Infectious complications after liver transplantation

Maria Del Pilar Hernandez, Paul Martin, Jacques Simkins-Cohen

Research output: Contribution to journalArticle

30 Scopus citations

Abstract

Orthotopic liver transplantation (OLT) is the standard of care for patients with decompensated cirrhosis and for patients with hepatocellular carcinoma. More than 6000 liver transplants are performed annually in the United States. High patient and graft survival rates have been achieved in great part due to the availability of potent immunosuppressive agents. Systemic immunosuppression has rendered the liver recipient susceptible to de novo infections as well as reactivation of preexisting latent infections. Infections occurring during the first month post-OLT are usually nosocomial, donor-derived, or the result of a perioperative complication. The development of opportunistic infections (OIs) such as Aspergillus and the reactivation of latent infections such as Mycobacterium tuberculosis are more frequent 1 to 6 months posttransplant, when the net state of immunosuppression is the highest. Immunosuppressive therapy is tapered 6 to 12 months post-OLT; therefore, infections occurring during that time period and afterward generally resemble those of the general population. Screening strategies applied to determine the risk of an infection after transplantation and the use of prophylactic antimicrobial therapy have reduced the incidence of OIs after OLT. This article will review the various causes of infection post-OLT and the therapies used to manage complications.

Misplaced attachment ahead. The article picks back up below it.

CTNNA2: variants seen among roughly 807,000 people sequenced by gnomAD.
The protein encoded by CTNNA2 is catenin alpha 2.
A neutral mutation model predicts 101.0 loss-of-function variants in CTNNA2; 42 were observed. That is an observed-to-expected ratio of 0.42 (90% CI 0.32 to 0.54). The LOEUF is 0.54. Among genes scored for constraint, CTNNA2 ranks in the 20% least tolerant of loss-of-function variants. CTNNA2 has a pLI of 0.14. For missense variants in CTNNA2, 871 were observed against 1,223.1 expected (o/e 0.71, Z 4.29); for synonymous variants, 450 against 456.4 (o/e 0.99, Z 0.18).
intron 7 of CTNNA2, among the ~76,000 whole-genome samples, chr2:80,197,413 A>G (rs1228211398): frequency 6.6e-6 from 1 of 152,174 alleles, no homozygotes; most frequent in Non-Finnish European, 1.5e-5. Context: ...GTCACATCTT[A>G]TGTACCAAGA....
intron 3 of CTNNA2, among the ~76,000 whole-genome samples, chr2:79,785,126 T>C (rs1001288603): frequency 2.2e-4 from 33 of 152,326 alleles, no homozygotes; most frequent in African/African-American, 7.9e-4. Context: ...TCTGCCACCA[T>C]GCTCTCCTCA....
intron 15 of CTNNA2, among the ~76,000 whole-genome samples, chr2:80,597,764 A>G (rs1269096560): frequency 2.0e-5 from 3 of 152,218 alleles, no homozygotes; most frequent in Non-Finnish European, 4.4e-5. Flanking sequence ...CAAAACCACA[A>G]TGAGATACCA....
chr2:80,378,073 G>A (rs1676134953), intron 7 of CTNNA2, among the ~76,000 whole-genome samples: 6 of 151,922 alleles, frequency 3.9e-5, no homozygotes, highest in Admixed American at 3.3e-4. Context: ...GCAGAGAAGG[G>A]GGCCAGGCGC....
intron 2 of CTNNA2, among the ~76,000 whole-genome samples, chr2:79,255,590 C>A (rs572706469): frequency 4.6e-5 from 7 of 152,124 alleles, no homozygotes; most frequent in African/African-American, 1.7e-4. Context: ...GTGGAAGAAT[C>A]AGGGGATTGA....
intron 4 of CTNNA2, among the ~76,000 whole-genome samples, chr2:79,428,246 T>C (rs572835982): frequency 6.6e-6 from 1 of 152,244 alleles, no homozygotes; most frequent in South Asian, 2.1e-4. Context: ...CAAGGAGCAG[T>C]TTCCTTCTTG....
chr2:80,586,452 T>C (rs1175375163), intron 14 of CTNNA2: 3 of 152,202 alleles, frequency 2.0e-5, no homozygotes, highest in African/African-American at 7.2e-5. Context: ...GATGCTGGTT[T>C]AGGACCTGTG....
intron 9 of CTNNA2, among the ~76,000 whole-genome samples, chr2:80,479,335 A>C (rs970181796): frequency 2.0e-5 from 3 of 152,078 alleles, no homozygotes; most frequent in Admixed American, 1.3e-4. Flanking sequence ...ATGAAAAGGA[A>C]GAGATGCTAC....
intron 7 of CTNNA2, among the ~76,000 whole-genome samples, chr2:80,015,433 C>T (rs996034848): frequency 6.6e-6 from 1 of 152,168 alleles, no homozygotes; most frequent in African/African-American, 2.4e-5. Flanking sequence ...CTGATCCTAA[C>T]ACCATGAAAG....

Original languageEnglish (US)
Pages (from-to)741-753
Number of pages13
JournalGastroenterology and Hepatology
Volume11
Issue number11
StatePublished - Nov 1 2015

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Keywords

  • Graft survival
  • Immunosuppression
  • Infection
  • Mortality
  • Orthotopic liver transplantation

ASJC Scopus subject areas

  • Gastroenterology
  • Hepatology

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